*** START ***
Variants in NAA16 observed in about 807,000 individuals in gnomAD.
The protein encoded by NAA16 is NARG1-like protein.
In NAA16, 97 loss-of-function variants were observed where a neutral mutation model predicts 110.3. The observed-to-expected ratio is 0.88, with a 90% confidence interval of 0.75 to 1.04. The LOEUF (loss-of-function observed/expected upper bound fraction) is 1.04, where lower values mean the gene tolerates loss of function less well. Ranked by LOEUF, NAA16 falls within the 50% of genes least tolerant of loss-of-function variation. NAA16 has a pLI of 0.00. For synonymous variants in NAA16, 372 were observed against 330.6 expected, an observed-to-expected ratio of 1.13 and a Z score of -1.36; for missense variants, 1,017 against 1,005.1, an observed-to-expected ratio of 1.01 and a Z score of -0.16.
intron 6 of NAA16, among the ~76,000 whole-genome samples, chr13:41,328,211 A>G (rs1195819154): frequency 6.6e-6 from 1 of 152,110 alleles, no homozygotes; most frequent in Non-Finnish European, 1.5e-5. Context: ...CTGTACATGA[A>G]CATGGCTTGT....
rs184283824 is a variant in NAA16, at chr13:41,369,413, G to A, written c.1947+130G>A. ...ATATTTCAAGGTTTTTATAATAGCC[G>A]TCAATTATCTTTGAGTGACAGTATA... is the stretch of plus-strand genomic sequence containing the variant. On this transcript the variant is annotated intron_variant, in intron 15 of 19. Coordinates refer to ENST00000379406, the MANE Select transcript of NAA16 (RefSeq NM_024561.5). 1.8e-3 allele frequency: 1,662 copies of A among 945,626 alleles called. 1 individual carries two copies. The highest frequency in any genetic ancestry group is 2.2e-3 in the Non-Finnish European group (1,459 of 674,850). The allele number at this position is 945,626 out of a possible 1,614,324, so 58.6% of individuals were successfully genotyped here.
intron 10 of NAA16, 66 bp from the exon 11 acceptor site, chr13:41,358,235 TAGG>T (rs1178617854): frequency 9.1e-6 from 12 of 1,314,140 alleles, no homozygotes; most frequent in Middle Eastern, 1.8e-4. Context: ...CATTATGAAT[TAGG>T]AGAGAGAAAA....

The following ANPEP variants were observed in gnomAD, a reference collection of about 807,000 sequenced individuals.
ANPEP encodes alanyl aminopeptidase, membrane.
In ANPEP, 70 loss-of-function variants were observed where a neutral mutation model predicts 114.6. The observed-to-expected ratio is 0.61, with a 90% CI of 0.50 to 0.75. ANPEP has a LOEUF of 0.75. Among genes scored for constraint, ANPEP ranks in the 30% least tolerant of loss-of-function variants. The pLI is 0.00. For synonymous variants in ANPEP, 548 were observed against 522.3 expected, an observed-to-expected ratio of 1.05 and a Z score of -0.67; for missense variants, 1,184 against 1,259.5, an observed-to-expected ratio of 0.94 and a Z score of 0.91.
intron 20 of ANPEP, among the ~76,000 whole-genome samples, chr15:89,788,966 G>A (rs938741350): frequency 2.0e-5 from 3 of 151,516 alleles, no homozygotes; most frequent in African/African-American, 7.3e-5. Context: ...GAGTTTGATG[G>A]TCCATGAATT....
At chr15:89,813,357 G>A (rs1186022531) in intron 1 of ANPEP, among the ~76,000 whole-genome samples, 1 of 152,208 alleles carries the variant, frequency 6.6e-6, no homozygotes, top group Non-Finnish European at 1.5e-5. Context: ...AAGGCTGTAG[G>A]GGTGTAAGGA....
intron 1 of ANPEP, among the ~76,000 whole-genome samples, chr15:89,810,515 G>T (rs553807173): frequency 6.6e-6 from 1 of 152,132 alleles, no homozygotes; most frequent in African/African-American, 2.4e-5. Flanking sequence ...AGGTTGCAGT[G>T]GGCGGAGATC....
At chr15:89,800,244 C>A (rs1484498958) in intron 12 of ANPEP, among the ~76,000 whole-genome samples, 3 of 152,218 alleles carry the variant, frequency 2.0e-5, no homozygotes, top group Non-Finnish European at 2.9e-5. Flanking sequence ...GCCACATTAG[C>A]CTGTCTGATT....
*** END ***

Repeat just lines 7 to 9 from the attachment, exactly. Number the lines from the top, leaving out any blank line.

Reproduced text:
The following ANPEP variants were observed in gnomAD, a reference collection of about 807,000 sequenced individuals.
ANPEP encodes alanyl aminopeptidase, membrane.
In ANPEP, 70 loss-of-function variants were observed where a neutral mutation model predicts 114.6. The observed-to-expected ratio is 0.61, with a 90% CI of 0.50 to 0.75. ANPEP has a LOEUF of 0.75. Among genes scored for constraint, ANPEP ranks in the 30% least tolerant of loss-of-function variants. The pLI is 0.00. For synonymous variants in ANPEP, 548 were observed against 522.3 expected, an observed-to-expected ratio of 1.05 and a Z score of -0.67; for missense variants, 1,184 against 1,259.5, an observed-to-expected ratio of 0.94 and a Z score of 0.91.